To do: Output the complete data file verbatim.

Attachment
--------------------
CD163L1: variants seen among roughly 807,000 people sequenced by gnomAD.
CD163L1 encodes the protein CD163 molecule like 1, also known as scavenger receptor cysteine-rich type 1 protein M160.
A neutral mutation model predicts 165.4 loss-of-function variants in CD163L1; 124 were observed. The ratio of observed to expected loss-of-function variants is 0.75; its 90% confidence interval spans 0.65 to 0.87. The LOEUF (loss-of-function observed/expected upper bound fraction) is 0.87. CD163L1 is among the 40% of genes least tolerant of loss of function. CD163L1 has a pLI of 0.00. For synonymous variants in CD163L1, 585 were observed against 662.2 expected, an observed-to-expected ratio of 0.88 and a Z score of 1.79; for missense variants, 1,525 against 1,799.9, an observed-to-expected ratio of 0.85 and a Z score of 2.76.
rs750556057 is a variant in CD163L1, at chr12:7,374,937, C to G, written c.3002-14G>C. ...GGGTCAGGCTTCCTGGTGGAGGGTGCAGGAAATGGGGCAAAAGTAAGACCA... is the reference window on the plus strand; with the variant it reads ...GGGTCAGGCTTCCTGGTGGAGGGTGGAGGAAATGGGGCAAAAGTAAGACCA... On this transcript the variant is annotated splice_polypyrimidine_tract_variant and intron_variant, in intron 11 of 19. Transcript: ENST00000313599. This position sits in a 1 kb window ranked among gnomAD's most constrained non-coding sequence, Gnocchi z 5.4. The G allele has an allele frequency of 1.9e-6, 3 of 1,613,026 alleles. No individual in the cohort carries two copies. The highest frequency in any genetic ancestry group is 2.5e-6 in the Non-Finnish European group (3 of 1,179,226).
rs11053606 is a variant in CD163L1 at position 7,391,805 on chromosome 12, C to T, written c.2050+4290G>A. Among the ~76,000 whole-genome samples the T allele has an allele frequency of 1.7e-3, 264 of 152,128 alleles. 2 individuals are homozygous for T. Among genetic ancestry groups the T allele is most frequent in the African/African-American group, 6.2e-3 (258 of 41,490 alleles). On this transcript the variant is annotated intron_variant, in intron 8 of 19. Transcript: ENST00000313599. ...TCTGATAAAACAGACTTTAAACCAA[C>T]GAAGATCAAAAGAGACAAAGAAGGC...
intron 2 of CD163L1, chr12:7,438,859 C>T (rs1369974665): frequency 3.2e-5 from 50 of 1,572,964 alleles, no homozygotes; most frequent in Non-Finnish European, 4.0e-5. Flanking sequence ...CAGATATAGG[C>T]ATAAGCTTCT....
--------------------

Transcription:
CD163L1: variants seen among roughly 807,000 people sequenced by gnomAD.
CD163L1 encodes the protein CD163 molecule like 1, also known as scavenger receptor cysteine-rich type 1 protein M160.
A neutral mutation model predicts 165.4 loss-of-function variants in CD163L1; 124 were observed. The ratio of observed to expected loss-of-function variants is 0.75; its 90% confidence interval spans 0.65 to 0.87. The LOEUF (loss-of-function observed/expected upper bound fraction) is 0.87. CD163L1 is among the 40% of genes least tolerant of loss of function. CD163L1 has a pLI of 0.00. For synonymous variants in CD163L1, 585 were observed against 662.2 expected, an observed-to-expected ratio of 0.88 and a Z score of 1.79; for missense variants, 1,525 against 1,799.9, an observed-to-expected ratio of 0.85 and a Z score of 2.76.
rs750556057 is a variant in CD163L1, at chr12:7,374,937, C to G, written c.3002-14G>C. ...GGGTCAGGCTTCCTGGTGGAGGGTGCAGGAAATGGGGCAAAAGTAAGACCA... is the reference window on the plus strand; with the variant it reads ...GGGTCAGGCTTCCTGGTGGAGGGTGGAGGAAATGGGGCAAAAGTAAGACCA... On this transcript the variant is annotated splice_polypyrimidine_tract_variant and intron_variant, in intron 11 of 19. Transcript: ENST00000313599. This position sits in a 1 kb window ranked among gnomAD's most constrained non-coding sequence, Gnocchi z 5.4. The G allele has an allele frequency of 1.9e-6, 3 of 1,613,026 alleles. No individual in the cohort carries two copies. The highest frequency in any genetic ancestry group is 2.5e-6 in the Non-Finnish European group (3 of 1,179,226).
rs11053606 is a variant in CD163L1 at position 7,391,805 on chromosome 12, C to T, written c.2050+4290G>A. Among the ~76,000 whole-genome samples the T allele has an allele frequency of 1.7e-3, 264 of 152,128 alleles. 2 individuals are homozygous for T. Among genetic ancestry groups the T allele is most frequent in the African/African-American group, 6.2e-3 (258 of 41,490 alleles). On this transcript the variant is annotated intron_variant, in intron 8 of 19. Transcript: ENST00000313599. ...TCTGATAAAACAGACTTTAAACCAA[C>T]GAAGATCAAAAGAGACAAAGAAGGC...
intron 2 of CD163L1, chr12:7,438,859 C>T (rs1369974665): frequency 3.2e-5 from 50 of 1,572,964 alleles, no homozygotes; most frequent in Non-Finnish European, 4.0e-5. Flanking sequence ...CAGATATAGG[C>T]ATAAGCTTCT....